From the News Sentinel:
Telemarketers told donors all over the country their gifts to a Knoxville-based charity would provide pain medication to children suffering from cancer, help transport patients to chemotherapy appointments and pay for hospice care for those dying of the disease.
Instead, a pittance of the $187 million raised by the Cancer Fund of America and its affiliated nonprofits over five years went to patient care packages made up of sample-size soaps, Little Debbie snack cakes, Carnation Instant Breakfast drinks, plastic cutlery, women’s makeup, iPod Nano covers, blank seasonal greeting cards and batteries.
The rest of the money raised — more than 87 cents of every dollar — went to pay the telemarketing companies that solicited the donations and to fund salaries, lavish trips and personal loans for founder James T. Reynolds Sr., his family and his employees.
They bought meals at Hooters, items from Victoria’s Secret and tickets for concerts and sporting events. Employees received gym memberships, dating website subscriptions and college tuition.
The nonprofit paid for board members and employees to take extravagant “training” trips on Carnival Cruises in the Caribbean and at Walt Disney World in Florida.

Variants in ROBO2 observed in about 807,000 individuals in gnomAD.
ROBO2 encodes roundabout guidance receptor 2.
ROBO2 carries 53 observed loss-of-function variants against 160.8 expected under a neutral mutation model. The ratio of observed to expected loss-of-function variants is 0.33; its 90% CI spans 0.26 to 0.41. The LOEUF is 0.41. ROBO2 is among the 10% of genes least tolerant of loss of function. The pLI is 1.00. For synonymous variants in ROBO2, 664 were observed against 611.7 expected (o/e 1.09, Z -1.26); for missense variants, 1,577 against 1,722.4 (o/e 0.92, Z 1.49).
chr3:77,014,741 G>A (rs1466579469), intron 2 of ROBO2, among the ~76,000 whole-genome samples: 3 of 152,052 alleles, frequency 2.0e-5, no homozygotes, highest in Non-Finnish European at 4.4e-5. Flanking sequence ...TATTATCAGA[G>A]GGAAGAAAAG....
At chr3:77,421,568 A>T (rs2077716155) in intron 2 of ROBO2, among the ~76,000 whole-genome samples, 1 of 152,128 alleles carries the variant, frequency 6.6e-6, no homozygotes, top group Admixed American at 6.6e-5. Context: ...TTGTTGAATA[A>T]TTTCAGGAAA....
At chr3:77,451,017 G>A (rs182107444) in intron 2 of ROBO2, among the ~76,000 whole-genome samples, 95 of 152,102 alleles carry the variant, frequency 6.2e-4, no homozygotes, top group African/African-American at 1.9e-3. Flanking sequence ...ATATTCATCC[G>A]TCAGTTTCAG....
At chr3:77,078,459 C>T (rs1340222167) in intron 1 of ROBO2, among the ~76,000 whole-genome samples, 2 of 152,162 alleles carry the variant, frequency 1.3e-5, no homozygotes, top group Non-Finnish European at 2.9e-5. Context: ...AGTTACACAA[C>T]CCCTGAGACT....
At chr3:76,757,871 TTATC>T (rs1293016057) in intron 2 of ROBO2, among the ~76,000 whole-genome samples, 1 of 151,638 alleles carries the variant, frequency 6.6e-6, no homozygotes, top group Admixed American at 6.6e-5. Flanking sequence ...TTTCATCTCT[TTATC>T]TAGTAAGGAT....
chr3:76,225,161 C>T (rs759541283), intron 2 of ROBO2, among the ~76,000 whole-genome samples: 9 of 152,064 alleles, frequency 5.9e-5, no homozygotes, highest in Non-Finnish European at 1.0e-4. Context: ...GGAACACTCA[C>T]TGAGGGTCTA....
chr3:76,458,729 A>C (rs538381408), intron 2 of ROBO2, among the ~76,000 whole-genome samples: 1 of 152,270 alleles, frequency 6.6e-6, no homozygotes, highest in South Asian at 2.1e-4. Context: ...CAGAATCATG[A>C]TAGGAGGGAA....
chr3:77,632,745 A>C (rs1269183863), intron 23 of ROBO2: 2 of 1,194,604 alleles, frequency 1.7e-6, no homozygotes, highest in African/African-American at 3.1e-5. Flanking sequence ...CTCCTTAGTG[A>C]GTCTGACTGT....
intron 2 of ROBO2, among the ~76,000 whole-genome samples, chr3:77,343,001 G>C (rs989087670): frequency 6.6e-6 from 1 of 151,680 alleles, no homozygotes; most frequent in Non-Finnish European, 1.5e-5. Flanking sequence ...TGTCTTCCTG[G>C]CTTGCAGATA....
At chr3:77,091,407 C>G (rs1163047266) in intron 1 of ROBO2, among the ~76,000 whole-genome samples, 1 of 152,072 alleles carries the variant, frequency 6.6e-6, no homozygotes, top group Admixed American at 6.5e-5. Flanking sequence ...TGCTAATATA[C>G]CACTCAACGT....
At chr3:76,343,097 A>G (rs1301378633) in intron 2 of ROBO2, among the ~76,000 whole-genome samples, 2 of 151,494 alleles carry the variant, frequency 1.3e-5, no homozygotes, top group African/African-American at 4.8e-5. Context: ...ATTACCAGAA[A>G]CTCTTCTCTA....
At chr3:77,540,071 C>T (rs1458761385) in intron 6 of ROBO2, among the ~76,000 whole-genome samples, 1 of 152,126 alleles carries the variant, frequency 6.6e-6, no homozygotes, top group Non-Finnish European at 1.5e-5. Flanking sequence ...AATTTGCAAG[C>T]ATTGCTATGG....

The charity even paid for a baby sitter to come along.
That’s according to the Federal Trade Commission and agencies in all 50 states, all of which filed a joint lawsuit Monday against the four “sham charities” and the people who run them. Each is accused of eight counts of fraud, misleading state charity regulators and violating telemarketing rules.
The government negotiated settlements totaling more than $200 million with two of the charities and three individuals — Reynolds’ ex-wife, his son and a close business associate of Reynolds.
But the case against Reynolds, the family patriarch who founded the Cancer Fund and originated its wide-reaching scheme in 1987, remains unresolved and will likely play out in court, said Tennessee Secretary of State Tre Hargett. Reynolds said Monday that his charity has been under federal investigation for more than four years.
Note: News release below.